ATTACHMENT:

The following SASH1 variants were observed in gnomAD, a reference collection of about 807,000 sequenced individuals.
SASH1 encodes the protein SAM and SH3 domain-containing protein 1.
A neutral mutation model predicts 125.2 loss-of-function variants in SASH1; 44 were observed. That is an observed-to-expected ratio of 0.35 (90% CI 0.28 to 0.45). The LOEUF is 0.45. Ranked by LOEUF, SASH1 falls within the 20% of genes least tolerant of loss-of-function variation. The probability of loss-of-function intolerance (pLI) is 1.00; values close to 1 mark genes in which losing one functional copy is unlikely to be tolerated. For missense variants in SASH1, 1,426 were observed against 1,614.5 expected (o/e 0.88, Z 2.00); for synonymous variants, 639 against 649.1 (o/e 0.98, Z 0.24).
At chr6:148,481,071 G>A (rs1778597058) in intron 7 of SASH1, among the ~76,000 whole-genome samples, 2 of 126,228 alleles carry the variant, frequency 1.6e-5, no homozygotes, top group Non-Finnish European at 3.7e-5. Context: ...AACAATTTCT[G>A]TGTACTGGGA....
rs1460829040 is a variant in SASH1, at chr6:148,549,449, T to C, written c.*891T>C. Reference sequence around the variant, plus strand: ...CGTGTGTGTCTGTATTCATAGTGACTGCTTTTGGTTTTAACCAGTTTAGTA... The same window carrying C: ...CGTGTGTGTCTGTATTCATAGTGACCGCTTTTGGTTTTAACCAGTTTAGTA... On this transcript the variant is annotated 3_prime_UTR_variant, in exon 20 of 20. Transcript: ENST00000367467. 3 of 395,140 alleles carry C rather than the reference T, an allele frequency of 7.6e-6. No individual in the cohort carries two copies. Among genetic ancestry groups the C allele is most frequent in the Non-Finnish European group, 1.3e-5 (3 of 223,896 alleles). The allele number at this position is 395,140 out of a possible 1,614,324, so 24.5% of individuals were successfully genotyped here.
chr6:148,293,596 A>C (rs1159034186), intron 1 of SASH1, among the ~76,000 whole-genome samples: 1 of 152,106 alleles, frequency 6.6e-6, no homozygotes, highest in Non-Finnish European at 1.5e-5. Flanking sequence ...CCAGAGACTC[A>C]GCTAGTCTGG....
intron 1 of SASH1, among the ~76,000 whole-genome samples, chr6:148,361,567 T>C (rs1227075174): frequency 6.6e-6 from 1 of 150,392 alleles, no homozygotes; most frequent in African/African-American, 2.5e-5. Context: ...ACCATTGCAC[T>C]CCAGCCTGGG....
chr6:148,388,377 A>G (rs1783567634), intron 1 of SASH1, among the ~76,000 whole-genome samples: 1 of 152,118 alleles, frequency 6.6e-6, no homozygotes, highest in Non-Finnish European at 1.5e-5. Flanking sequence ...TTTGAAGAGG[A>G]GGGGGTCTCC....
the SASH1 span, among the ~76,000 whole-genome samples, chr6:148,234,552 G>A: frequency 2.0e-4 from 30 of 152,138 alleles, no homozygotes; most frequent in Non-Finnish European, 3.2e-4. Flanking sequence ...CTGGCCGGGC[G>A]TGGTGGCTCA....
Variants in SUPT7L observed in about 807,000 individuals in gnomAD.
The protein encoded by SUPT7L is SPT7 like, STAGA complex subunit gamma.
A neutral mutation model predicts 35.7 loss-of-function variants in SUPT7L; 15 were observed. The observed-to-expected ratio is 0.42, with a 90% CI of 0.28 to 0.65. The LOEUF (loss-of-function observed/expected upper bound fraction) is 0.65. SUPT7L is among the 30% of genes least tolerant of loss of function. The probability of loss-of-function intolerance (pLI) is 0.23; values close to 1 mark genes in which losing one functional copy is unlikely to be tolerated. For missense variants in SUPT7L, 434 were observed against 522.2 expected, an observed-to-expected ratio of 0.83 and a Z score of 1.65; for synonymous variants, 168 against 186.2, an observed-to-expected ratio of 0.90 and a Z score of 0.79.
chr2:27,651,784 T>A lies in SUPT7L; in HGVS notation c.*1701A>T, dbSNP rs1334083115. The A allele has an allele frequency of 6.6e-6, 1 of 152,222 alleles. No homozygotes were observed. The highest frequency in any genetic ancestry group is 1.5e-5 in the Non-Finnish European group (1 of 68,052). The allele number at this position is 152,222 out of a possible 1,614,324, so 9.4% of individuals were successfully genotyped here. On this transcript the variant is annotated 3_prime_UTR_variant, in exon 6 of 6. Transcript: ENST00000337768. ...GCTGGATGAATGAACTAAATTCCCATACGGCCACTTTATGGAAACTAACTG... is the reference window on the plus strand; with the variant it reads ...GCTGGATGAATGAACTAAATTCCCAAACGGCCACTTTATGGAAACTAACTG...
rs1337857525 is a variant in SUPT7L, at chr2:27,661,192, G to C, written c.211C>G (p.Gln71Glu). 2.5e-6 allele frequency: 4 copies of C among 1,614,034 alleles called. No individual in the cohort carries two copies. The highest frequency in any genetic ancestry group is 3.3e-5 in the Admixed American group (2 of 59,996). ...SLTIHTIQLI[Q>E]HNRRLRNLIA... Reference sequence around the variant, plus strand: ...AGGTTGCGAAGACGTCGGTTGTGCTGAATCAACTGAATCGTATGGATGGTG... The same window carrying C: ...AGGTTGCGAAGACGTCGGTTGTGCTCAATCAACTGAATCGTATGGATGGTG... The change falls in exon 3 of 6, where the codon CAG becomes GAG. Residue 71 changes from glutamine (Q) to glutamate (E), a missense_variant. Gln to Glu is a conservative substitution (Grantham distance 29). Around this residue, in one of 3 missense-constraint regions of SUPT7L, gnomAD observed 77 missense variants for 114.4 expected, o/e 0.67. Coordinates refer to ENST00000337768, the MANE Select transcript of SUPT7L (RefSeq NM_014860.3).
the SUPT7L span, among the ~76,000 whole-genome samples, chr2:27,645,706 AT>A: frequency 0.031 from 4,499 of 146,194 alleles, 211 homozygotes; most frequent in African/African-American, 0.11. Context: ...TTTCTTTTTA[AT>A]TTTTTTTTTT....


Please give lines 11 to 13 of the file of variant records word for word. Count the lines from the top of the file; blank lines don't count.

The protein encoded by SUPT7L is SPT7 like, STAGA complex subunit gamma.
A neutral mutation model predicts 35.7 loss-of-function variants in SUPT7L; 15 were observed. The observed-to-expected ratio is 0.42, with a 90% CI of 0.28 to 0.65. The LOEUF (loss-of-function observed/expected upper bound fraction) is 0.65. SUPT7L is among the 30% of genes least tolerant of loss of function. The probability of loss-of-function intolerance (pLI) is 0.23; values close to 1 mark genes in which losing one functional copy is unlikely to be tolerated. For missense variants in SUPT7L, 434 were observed against 522.2 expected, an observed-to-expected ratio of 0.83 and a Z score of 1.65; for synonymous variants, 168 against 186.2, an observed-to-expected ratio of 0.90 and a Z score of 0.79.
chr2:27,651,784 T>A lies in SUPT7L; in HGVS notation c.*1701A>T, dbSNP rs1334083115. The A allele has an allele frequency of 6.6e-6, 1 of 152,222 alleles. No homozygotes were observed. The highest frequency in any genetic ancestry group is 1.5e-5 in the Non-Finnish European group (1 of 68,052). The allele number at this position is 152,222 out of a possible 1,614,324, so 9.4% of individuals were successfully genotyped here. On this transcript the variant is annotated 3_prime_UTR_variant, in exon 6 of 6. Transcript: ENST00000337768. ...GCTGGATGAATGAACTAAATTCCCATACGGCCACTTTATGGAAACTAACTG... is the reference window on the plus strand; with the variant it reads ...GCTGGATGAATGAACTAAATTCCCAAACGGCCACTTTATGGAAACTAACTG...